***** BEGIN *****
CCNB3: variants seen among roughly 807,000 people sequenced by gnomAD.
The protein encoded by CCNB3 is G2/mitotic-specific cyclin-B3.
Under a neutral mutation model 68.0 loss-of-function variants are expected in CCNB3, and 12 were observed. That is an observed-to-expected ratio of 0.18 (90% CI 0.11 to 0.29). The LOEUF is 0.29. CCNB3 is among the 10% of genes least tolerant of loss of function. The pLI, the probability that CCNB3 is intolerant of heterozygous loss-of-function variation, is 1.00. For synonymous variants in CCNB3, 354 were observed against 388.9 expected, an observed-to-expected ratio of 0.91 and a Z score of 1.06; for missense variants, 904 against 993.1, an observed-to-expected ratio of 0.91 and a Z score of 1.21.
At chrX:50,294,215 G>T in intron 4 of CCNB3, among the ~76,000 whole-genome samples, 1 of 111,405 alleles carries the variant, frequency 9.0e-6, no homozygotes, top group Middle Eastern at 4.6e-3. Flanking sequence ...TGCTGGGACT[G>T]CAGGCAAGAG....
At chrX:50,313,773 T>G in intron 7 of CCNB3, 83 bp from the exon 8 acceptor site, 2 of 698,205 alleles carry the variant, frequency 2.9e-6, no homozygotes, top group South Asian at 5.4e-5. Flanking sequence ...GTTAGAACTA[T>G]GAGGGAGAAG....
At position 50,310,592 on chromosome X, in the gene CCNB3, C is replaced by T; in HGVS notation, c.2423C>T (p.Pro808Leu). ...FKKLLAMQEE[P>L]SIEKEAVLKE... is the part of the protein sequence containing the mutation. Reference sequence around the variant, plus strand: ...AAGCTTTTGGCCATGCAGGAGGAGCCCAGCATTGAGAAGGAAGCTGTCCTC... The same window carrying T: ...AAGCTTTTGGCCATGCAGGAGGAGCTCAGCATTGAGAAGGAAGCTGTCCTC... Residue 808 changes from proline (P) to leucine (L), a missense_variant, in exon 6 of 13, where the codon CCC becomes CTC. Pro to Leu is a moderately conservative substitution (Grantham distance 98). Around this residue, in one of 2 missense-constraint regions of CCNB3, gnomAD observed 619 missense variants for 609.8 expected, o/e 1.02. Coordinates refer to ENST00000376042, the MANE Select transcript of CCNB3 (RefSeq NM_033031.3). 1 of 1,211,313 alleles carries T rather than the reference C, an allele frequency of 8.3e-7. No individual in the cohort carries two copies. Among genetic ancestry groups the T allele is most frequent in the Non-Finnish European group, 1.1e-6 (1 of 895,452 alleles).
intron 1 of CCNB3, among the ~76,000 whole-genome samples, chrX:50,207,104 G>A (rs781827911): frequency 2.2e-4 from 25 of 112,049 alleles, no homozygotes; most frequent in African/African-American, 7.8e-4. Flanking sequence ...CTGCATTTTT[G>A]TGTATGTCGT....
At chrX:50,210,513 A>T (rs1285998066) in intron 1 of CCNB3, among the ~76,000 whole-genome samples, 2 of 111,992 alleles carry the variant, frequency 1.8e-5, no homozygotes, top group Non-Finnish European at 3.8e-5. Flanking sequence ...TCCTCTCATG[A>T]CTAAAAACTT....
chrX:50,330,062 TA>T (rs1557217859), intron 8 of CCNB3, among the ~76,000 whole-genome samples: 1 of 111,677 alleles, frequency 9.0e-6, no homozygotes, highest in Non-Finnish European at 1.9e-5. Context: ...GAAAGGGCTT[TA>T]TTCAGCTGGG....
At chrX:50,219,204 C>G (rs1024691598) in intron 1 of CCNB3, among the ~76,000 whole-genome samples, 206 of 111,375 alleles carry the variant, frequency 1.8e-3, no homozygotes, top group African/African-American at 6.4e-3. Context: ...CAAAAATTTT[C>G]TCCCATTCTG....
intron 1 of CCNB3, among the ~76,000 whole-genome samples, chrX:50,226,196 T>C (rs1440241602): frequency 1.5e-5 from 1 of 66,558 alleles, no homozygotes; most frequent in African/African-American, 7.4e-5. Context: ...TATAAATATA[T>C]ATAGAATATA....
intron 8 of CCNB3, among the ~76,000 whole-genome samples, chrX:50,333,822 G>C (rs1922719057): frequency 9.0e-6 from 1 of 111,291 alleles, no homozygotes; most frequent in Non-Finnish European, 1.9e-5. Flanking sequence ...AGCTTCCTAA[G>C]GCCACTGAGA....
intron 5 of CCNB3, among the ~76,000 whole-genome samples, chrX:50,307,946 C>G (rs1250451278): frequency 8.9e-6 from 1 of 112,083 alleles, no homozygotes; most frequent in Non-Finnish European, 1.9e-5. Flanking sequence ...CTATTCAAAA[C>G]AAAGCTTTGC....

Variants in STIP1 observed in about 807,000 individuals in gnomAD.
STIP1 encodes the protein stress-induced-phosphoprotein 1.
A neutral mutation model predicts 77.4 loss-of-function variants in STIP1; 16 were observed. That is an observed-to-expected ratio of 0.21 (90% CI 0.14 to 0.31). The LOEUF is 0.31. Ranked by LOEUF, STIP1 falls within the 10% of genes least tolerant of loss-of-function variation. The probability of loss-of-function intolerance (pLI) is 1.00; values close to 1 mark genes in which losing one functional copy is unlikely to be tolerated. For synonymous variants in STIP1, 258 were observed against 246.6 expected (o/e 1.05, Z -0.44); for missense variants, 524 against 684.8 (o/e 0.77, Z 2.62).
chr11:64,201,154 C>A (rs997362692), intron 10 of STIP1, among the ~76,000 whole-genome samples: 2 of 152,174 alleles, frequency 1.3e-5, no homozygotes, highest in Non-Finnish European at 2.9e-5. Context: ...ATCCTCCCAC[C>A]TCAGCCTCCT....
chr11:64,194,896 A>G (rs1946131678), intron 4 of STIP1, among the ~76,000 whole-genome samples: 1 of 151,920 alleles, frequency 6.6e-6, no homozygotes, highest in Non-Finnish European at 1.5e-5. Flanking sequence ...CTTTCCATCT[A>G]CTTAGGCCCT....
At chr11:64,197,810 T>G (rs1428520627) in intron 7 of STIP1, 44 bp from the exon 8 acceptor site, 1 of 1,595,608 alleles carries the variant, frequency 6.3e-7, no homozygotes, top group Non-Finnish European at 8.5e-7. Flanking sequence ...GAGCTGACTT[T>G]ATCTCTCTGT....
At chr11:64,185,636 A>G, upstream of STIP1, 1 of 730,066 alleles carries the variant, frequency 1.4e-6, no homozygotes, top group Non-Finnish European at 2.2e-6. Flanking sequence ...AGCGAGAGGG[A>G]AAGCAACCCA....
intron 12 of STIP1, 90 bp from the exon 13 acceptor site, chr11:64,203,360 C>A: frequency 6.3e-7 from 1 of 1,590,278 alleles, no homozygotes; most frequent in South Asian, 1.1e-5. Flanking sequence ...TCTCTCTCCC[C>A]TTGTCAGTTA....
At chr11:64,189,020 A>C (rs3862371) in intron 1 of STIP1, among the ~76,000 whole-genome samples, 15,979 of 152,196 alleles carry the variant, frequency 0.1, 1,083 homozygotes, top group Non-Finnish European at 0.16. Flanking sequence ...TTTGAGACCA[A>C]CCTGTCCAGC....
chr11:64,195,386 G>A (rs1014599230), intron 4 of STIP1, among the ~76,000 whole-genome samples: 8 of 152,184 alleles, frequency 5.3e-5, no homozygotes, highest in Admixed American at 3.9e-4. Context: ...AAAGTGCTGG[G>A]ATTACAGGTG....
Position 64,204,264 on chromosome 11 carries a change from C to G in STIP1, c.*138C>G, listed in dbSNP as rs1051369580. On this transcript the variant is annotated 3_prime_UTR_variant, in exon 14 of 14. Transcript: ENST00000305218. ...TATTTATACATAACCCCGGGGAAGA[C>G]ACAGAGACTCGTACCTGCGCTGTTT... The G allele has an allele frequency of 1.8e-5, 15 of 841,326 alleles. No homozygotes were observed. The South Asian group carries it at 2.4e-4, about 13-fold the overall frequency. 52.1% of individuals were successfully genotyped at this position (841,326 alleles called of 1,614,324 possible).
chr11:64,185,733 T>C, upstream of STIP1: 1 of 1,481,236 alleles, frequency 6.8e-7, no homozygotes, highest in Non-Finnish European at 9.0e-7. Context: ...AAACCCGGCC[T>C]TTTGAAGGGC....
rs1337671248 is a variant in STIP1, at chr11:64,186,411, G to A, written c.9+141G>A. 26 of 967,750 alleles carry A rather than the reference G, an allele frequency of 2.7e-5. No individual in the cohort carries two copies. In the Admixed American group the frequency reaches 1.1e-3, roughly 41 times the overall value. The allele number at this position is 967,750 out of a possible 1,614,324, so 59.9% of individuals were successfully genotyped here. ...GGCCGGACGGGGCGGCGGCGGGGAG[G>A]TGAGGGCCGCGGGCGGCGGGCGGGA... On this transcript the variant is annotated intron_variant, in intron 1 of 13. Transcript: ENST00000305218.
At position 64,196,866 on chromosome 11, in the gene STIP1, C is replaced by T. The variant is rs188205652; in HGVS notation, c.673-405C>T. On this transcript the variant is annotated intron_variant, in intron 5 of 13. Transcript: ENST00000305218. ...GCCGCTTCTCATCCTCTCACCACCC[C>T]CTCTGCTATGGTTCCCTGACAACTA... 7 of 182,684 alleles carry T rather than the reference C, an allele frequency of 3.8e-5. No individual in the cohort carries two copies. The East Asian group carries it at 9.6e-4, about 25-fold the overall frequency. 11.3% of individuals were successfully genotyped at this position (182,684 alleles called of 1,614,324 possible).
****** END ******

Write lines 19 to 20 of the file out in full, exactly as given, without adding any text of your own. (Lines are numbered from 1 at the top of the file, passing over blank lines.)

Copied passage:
At chr11:64,197,810 T>G (rs1428520627) in intron 7 of STIP1, 44 bp from the exon 8 acceptor site, 1 of 1,595,608 alleles carries the variant, frequency 6.3e-7, no homozygotes, top group Non-Finnish European at 8.5e-7. Flanking sequence ...GAGCTGACTT[T>G]ATCTCTCTGT....
At chr11:64,185,636 A>G, upstream of STIP1, 1 of 730,066 alleles carries the variant, frequency 1.4e-6, no homozygotes, top group Non-Finnish European at 2.2e-6. Flanking sequence ...AGCGAGAGGG[A>G]AAGCAACCCA....